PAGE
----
With advice from expert gardeners, greenhouse workers, and our plant dad, Alfred Palomares, we’ve gathered the best tips for plant-parenting newbies. Our series Plant Parenting 101 will help turn you into the perfect plant parent!
When one thinks of flowers that exemplify elegance, the orchid often comes to mind. This tropical beauty worked Europeans into a hysteria known as Orchideliruim in the 1800s, during which it became fashionable to pay premium prices at auction for the blossoms.
Today, centuries of careful breeding practices have made this once-rare flower accessible to any indoor plant lover. Should you consider adding an orchid to your plant collection? Learn a little more about their origins and care, and be sure to check out our new orchids in our houseplants collection.
What is an orchid?
Alfred Palomares, VP of Merchandising at 1-800-Flowers and Resident Plant Dad
These long-lasting colorful blooms are easy to water”
Having flourished since the time of the dinosaurs, orchids are considered one of the largest and oldest plant families on the planet. More than 30,000 unique species of orchids are found worldwide, and modern breeding practices have resulted in an additional 150,000 hybrids.
What sets orchids apart from most flowers is their growing strategy. Orchids don’t grow in the soil, but instead are epiphytes (air plants) that root themselves to trees and rocks. There, they capture water and nutrients from the surrounding air with their exposed roots.
“These long-lasting, colorful blooms are easy to water,” said Alfred Palomares, VP of Merchandising at 1-800-Flowers and Resident Plant Dad. According to Alfred, there’s an easy way to water your orchids. “Just add three ice cubes a week for a full size orchid. The key is to ensure the growing medium does not get dry and at the same time, make sure the roots do not sit in water,” he said. “This can lead to root rot.”
Today, wild orchids face environmental threats due to pollution, habitat destruction, and climate change to the point that many varieties are at risk of extinction. For these reasons, you should avoid purchasing wild-harvested plants and only buy orchids from legitimate vendors. This lets you enjoy their beauty at home without compromising the ones that remain in the wild.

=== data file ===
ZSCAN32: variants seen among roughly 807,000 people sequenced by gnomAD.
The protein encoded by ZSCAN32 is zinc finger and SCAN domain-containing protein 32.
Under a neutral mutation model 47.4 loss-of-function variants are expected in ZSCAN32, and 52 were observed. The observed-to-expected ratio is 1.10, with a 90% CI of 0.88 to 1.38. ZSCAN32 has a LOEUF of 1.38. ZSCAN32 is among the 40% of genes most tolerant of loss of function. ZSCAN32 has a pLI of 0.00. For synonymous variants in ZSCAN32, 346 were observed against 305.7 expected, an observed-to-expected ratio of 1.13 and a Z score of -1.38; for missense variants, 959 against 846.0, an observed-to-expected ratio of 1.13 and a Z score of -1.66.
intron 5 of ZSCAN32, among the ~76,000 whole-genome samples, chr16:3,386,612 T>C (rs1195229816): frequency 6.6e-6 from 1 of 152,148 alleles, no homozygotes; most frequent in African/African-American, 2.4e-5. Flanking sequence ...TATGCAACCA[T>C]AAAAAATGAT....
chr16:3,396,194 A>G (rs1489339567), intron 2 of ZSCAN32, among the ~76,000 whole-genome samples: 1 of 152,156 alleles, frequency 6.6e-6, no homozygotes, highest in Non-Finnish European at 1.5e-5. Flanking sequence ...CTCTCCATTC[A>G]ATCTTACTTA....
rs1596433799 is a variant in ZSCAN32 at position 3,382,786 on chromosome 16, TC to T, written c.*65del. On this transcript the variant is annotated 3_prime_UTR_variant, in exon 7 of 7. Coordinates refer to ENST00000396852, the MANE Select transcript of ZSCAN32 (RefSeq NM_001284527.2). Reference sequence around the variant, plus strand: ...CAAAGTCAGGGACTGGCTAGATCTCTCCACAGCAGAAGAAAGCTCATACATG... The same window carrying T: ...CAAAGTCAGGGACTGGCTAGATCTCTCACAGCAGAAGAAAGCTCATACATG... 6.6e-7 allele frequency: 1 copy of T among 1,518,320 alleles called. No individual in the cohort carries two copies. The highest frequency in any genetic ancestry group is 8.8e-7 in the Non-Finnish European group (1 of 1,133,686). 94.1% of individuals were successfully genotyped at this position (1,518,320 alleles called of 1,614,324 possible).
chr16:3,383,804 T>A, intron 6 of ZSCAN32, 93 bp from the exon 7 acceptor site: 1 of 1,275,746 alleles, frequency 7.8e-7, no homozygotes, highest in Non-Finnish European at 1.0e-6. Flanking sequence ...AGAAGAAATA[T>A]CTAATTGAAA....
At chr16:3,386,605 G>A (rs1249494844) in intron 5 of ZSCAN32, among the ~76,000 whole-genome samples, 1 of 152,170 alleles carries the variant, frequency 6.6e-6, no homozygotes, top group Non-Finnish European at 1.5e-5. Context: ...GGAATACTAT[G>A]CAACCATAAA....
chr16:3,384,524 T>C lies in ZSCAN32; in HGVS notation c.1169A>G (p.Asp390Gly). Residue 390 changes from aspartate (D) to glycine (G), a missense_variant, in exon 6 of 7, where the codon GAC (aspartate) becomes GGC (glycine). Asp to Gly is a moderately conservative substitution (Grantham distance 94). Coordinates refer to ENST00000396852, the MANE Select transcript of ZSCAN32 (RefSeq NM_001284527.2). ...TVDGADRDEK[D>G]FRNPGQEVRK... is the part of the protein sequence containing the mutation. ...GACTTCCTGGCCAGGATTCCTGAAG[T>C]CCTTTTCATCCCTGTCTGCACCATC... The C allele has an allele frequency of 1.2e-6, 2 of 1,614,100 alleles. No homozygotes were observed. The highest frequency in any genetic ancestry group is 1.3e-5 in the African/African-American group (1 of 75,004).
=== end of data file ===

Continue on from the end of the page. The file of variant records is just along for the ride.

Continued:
Orchid myths and color meanings
There’s a lot of symbolism associated with the orchid today. This elegant flower has long been linked to ideas of love, thoughtfulness, and fertility. The color you choose is believed to carry significance, especially when given as a gift.
- Blue: peace, beauty, and tranquility
- White: innocence, reverence, and humility
- Purple: respect, admiration, and royalty
- Pink: femininity, charm, and grace
- Yellow: joy and friendship
- Green: health, nature, and financial good fortune
- Orange: pride, enthusiasm, and having fun
While this symbolism is fun to consider, the right orchid color for you will always be the one you love the most. Don’t limit your selection based on these color connotations! Instead, consider the care instructions and traits of different varieties.
Best orchid varieties to choose from
Below are three of the most common types of beginner-friendly orchids available today.
Considered a symbol of health and prosperity, this Southeast Asian native produces flowers in a range of colors and patterns and tends to blossom in slightly cooler weather. It’s one of the most popular orchids available due to its large flowers and ease of care. You can choose from purple, white, and blue varieties.
This orchid variety hails from Asia, Australia, and the Pacific Islands, and is considered a symbol of wisdom and beauty. Wild dendrobiums usually boom in the early spring to mid-summer and are available in various colors, including yellows, browns, pinks, and purples.
It’s a robust grower and will send up new flower canes every year. But unlike other varieties, you shouldn’t trim the spent flower stems of this orchid until there are three or more in a pot.
You can find this delicate orchid growing throughout North and South America, where it blooms from spring to fall. Oncidium is a diverse family that thrives in a vast range of habitats. Many varieties have names that sound as dynamic as their coloration, including tiger crow, wildcat, dancing lady, and ram’s head.
Pay close attention to the care instructions for your chosen variety, as they can vary significantly within this variety.
How to care for your orchid
You can best enjoy orchids at home by staying mindful of their tropical origins. They do well when grown in pots of bark or moss that mimic the tree branches they call home in the wild, and most varieties need lots of filtered light.
Keep your flowers at temperatures between 65-90 degrees Fahrenheit and provide them with a balanced fertilizer (20-20-20 ratio is recommended) every few weeks. Most need to be watered every five to seven days, though the roots should stay moist in between.
Under proper conditions, you can expect each bloom to last two months or longer before fading. Once the flower is finished, you can cut its stem back to about an inch above the planting line and continue watering as usual. The orchid is entering a temporary resting stage where it will start to stockpile energy before producing the next bloom. Care for it like normal, and the flower stalk should soon grow back.
Some orchid species, like the phalaenopsis, do best when replanted every few years. Others get stressed when their roots are moved, so make sure you understand the specific requirements for your variety before considering upgrading your pot.
Try your hand at orchid cultivation today
Despite their reputation for elegance, there’s nothing intimidating about owning an orchid. With the right care, this indoor plant will fill your home with flowers that won’t wilt for weeks on end.
Add an orchid to your décor today, and you’ll be taking part in a centuries-old tradition of celebrating one of our planet’s oldest flowers.